I’ve never really understood the appeal of ranch dressing. I guess it must be an American thing, but I’ve just never really been wow’ed by it. Sure, it’s tangy and creamy, but ranch has never been at the top of my dressing list. The thing with me and ranch dressing is that I’m not sure what to eat it with. It seems a bit heavy for salad dressing, and like with oysters I prefer raw vegetables naked.
Chang’s Ramp Ranch Dressing recipe calls for ramps. I’ve never seen ramps in Vancouver, and as it usually goes with Momofuku ingredients, my ramp search turned up nothing. Based on my indifference for ranch, I didn’t search too hard, especially since Chang says that if you can’t find ramps you can substitute store-bought picked pearl onions, which is just what I did.
To make the Ramp Ranch Dressing, you combine buttermilk, lemon, ramps (pickled onions), scallions, and kewpie mayo. It shouldn’t have surprised me, but it did: the dressing tasted just like ranch! I never knew you could make the signature ranch taste with so few ingredients. It was creamy, tangy and extremely fresh and refreshing. I couldn’t stop dipping my fingers into the dressing for another taste.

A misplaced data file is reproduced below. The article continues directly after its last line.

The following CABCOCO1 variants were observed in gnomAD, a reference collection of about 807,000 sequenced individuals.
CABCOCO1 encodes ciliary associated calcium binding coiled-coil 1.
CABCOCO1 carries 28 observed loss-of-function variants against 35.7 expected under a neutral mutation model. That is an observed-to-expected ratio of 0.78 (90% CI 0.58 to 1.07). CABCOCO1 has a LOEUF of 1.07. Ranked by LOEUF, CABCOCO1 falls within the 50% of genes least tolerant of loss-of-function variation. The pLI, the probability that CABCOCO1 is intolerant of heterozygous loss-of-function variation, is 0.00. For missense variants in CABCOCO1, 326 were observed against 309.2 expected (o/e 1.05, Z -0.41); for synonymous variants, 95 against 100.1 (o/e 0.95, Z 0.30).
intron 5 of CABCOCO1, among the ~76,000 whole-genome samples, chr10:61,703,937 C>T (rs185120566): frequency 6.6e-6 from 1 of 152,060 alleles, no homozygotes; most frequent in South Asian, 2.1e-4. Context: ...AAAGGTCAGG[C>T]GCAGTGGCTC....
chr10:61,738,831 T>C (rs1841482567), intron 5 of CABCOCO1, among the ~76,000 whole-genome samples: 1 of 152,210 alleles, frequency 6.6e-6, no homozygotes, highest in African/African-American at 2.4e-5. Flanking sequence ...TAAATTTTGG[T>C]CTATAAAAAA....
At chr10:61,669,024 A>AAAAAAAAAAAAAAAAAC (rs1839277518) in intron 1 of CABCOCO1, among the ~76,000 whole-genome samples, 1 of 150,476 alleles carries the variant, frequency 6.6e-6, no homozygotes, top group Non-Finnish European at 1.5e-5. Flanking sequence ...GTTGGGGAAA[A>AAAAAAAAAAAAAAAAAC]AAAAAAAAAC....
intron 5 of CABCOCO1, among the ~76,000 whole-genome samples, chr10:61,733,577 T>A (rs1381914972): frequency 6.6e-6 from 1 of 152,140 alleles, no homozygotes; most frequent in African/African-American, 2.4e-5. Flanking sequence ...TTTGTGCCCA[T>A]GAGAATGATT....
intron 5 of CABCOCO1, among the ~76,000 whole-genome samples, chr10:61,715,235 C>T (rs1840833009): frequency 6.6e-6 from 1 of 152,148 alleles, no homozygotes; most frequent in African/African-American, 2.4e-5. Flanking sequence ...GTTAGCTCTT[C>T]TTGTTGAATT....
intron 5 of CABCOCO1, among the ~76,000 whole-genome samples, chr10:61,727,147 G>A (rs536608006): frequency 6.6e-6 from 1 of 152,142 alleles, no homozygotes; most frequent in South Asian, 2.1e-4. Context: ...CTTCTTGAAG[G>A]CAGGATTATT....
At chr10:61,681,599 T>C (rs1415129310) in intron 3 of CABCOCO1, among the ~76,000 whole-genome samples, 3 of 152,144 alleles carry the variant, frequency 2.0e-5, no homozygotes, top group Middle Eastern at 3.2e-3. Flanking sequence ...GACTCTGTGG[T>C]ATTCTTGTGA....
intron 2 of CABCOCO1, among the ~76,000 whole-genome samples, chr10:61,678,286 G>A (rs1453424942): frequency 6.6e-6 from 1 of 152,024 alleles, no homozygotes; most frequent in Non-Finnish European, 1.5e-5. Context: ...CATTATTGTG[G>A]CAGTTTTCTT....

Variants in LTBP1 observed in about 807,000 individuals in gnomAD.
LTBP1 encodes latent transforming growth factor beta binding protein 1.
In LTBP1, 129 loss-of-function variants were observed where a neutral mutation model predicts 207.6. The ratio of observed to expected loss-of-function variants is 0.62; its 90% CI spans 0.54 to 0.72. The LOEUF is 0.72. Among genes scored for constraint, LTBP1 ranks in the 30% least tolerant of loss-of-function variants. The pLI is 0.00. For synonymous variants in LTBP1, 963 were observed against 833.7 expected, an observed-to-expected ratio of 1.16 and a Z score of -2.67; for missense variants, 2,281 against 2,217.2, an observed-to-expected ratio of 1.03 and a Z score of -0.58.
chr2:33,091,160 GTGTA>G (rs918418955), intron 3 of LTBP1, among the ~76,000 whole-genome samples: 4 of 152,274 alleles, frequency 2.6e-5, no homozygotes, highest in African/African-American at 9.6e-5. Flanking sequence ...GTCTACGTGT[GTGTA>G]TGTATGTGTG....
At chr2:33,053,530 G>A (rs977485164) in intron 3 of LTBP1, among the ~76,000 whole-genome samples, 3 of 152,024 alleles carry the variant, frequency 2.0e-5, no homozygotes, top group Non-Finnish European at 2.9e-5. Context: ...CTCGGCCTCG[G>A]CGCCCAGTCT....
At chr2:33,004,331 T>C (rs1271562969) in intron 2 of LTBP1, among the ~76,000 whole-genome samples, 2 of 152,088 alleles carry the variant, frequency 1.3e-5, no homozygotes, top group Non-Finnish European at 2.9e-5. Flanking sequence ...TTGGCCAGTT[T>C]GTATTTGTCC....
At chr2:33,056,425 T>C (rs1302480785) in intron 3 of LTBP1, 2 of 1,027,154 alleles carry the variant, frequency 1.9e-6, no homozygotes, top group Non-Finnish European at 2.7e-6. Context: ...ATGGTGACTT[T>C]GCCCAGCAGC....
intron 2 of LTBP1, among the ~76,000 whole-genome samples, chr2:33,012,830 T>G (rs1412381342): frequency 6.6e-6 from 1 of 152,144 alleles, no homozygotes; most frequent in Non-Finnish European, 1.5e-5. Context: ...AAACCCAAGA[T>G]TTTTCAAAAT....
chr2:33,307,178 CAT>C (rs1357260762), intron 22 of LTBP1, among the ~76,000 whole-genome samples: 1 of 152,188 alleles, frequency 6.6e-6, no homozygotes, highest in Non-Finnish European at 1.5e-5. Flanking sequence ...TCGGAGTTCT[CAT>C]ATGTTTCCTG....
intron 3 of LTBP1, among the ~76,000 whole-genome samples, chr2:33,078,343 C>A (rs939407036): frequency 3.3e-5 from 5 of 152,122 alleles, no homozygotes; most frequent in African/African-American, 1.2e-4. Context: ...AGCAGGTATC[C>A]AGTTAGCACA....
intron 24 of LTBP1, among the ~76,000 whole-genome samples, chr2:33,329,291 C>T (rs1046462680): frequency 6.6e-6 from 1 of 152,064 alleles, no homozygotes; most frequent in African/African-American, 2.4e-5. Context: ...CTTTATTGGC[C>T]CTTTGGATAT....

The ranch dressing tasted fabulous on the pork shoulder steak. The creamy, tangy, smoothness of the dressing went fantastically with the smoky, charred pork.
The pork in this dish is pork shoulder steak. I’ve never heard of this cut of meat before; basically they’re steaks cut from pork shoulder. They’re supposed to be like pork chops, but better because they have more fat marbled throughout.
They didn’t have any shoulder steaks at the butcher so I bought a chunk of shoulder and cut them into “steaks.” This probably wasn’t what Chang had in mind when he put this recipe in the book. He talks about Bev Eggleston’s pork, which is supposed to be “magic.” My pork wasn’t magic. Though it tasted alright, it wasn’t so fantastic that I’ll be making this again. I ever have the chance, I definitely want to try Eggleston’s magical pork.
Regardless of the pork however, I learned something else. Ranch, I was wrong about you.